Since it was obvious that all the finalists were “winners” in one sense, they all received T-Shirts and 1,500 baht from Voice Studio Chiang Mai. The three top spots were awarded to 2nd runner up, 14-year-old Golf, who favored ‘old time songs’ and who was overjoyed that she made it.

1st runner up was 16-year-old Cat from Chiang Mai, a student from Prince Royals College who had a distinctive jazz voice.

The winner was 17-year-old Bae, whose voice reminds one of Al Jarreau and you forgot that it was a 17 year old, singing these soft and jazzy love songs. Bae was the audience’s popular choice too, winning ‘Mr. Popular’ which brought him another 5,000 baht on top of the winning cheque of 30,000 baht.

There were others who recognized his talent, with RS Promotion already offering him a contract. We will be hearing more from this young man, in more ways than one!

GIS opens new primary school building

Saksit Meesubkwang

Grace International School held their Primary Building Dedication ceremony on August 27, attended by guests, parents, students, teachers, the local Hang Dong police and dignitaries.

It began with the national anthem sung by the GIS students, and opening prayers in Thai by Maranatha Luckanachai, English by Mark Perkins and Korean by Soo Jee Kim.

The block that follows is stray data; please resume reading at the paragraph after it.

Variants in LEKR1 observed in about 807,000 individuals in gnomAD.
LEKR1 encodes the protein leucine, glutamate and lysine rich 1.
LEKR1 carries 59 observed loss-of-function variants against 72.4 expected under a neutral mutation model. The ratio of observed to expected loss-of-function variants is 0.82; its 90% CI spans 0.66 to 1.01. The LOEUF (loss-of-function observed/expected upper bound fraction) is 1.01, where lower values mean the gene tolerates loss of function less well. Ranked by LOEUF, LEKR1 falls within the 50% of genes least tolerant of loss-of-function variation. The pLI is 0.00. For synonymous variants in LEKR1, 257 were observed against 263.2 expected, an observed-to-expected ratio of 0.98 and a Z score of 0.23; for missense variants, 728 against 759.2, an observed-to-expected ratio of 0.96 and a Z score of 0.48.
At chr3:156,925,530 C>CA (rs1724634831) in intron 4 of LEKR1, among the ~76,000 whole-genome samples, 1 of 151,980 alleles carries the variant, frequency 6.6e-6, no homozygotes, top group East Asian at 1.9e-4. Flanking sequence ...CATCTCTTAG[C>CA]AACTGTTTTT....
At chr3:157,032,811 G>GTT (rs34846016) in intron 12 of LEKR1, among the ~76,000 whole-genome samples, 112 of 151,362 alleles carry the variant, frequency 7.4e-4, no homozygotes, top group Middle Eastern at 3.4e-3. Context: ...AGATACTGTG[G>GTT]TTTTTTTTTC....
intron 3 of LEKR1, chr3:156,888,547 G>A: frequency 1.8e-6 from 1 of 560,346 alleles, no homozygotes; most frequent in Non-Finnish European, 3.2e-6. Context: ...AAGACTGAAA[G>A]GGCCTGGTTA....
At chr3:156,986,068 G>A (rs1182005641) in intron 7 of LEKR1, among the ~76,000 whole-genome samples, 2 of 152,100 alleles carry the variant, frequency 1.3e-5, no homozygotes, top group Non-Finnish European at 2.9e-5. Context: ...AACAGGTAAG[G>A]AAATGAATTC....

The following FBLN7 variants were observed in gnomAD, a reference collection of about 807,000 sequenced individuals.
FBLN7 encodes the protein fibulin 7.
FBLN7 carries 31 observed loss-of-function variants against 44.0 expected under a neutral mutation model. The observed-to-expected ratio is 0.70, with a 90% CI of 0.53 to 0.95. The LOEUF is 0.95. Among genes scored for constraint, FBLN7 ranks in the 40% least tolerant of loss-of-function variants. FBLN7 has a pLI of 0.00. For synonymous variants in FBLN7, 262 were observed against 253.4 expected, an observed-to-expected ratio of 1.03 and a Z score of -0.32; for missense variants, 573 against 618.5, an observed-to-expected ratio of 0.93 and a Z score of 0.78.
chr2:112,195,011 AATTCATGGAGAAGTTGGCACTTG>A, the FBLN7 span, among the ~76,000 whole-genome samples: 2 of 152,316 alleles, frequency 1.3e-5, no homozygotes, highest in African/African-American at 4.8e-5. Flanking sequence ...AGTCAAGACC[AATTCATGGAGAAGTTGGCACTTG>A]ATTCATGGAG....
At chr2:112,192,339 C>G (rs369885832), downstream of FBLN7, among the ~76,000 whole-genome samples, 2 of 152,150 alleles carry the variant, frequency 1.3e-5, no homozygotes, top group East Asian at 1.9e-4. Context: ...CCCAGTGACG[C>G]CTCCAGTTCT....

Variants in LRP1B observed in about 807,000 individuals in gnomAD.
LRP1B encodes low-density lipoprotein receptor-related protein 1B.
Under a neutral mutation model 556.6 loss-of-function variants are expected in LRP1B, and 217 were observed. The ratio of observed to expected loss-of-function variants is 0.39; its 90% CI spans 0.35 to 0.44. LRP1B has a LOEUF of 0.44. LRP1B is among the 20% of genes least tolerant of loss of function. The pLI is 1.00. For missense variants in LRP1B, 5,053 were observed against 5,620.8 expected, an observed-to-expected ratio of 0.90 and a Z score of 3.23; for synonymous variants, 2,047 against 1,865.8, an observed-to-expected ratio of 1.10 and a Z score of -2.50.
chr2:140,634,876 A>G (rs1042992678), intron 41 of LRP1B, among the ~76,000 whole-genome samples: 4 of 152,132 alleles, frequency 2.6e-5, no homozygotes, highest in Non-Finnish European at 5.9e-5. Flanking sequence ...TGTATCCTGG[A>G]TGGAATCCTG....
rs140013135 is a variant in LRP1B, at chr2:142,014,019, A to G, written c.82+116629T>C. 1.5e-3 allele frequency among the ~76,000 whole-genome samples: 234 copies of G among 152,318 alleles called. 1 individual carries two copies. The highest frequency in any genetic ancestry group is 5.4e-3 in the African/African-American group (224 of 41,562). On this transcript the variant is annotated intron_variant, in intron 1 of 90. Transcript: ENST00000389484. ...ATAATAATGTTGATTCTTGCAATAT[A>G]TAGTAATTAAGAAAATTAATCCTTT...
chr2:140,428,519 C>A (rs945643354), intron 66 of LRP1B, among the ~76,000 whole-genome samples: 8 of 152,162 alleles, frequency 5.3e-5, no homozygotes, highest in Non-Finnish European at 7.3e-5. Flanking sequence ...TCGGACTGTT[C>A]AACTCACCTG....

GISEF chairman Paul Utley (left), at the introduction.

Phrayad Cherdchoochart, the president of the Grace International School Education Foundation (GISEF), welcomed guests and dignitaries and introduced GISEF chairman Paul Utley.

Bill Hampton delivered the keynote speech, while Scott Hansen, vice-consul of the US Consulate General in Chiang Mai, congratulated GIS.

Uthai Khattiyod, superintendent of the 4th Education Area, presided over the opening ceremony, and Uthai and Chalerm Ratchanakul, assistant inspector of the Ministry of Education, cut the ribbon marking the opening of the building.

GIS primary school students and parents attending the celebration.

The GIS staff said that the public had become involved with and supported the development and construction of the new building. Chumley Eckerle was the master planner and facilities manager. He invested countless hours coordinating and overseeing the construction down to the most minute details.

Chumley’s goal was to make this the most comfortable and efficient building possible for the primary school. Throughout the design and construction phase, Jennie Garcia, the principal, provided creative details about how the needs of the 400 students could best be met with this facility.

EGAT offers rural schools brighter future

Autsadaporn Kamthai

The Electricity Generating Authority of Thailand (EGAT) has helped the government by supporting 30 schools around the country to the tune of about 2 million baht over the next three years.

Students dressed in traditional clothes present their scientific projects.

This is in response to the government’s campaign of “One District, One School in A Dream” that aims to provide better educational activities and opportunities for students in rural areas of Thailand. It is also hoped that this would decrease the number of rural students who move into towns to study, by improving the standards in the rural schools.